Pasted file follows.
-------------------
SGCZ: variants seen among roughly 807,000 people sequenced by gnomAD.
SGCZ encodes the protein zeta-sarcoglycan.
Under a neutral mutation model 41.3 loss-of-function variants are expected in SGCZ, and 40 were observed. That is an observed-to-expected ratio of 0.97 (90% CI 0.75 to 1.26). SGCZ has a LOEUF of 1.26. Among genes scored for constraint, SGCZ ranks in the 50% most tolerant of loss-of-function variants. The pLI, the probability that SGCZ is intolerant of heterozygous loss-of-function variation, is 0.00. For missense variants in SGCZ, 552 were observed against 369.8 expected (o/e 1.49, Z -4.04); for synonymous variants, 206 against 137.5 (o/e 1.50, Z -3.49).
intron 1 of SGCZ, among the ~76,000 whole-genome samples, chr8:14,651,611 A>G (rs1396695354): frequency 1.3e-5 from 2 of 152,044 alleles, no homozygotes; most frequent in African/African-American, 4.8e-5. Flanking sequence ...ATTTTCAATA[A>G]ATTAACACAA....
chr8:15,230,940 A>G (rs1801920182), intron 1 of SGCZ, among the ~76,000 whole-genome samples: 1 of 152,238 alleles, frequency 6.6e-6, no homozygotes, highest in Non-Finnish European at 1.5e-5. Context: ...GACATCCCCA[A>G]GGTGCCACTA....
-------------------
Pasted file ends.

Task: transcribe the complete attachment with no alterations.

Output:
SGCZ: variants seen among roughly 807,000 people sequenced by gnomAD.
SGCZ encodes the protein zeta-sarcoglycan.
Under a neutral mutation model 41.3 loss-of-function variants are expected in SGCZ, and 40 were observed. That is an observed-to-expected ratio of 0.97 (90% CI 0.75 to 1.26). SGCZ has a LOEUF of 1.26. Among genes scored for constraint, SGCZ ranks in the 50% most tolerant of loss-of-function variants. The pLI, the probability that SGCZ is intolerant of heterozygous loss-of-function variation, is 0.00. For missense variants in SGCZ, 552 were observed against 369.8 expected (o/e 1.49, Z -4.04); for synonymous variants, 206 against 137.5 (o/e 1.50, Z -3.49).
intron 1 of SGCZ, among the ~76,000 whole-genome samples, chr8:14,651,611 A>G (rs1396695354): frequency 1.3e-5 from 2 of 152,044 alleles, no homozygotes; most frequent in African/African-American, 4.8e-5. Flanking sequence ...ATTTTCAATA[A>G]ATTAACACAA....
chr8:15,230,940 A>G (rs1801920182), intron 1 of SGCZ, among the ~76,000 whole-genome samples: 1 of 152,238 alleles, frequency 6.6e-6, no homozygotes, highest in Non-Finnish European at 1.5e-5. Context: ...GACATCCCCA[A>G]GGTGCCACTA....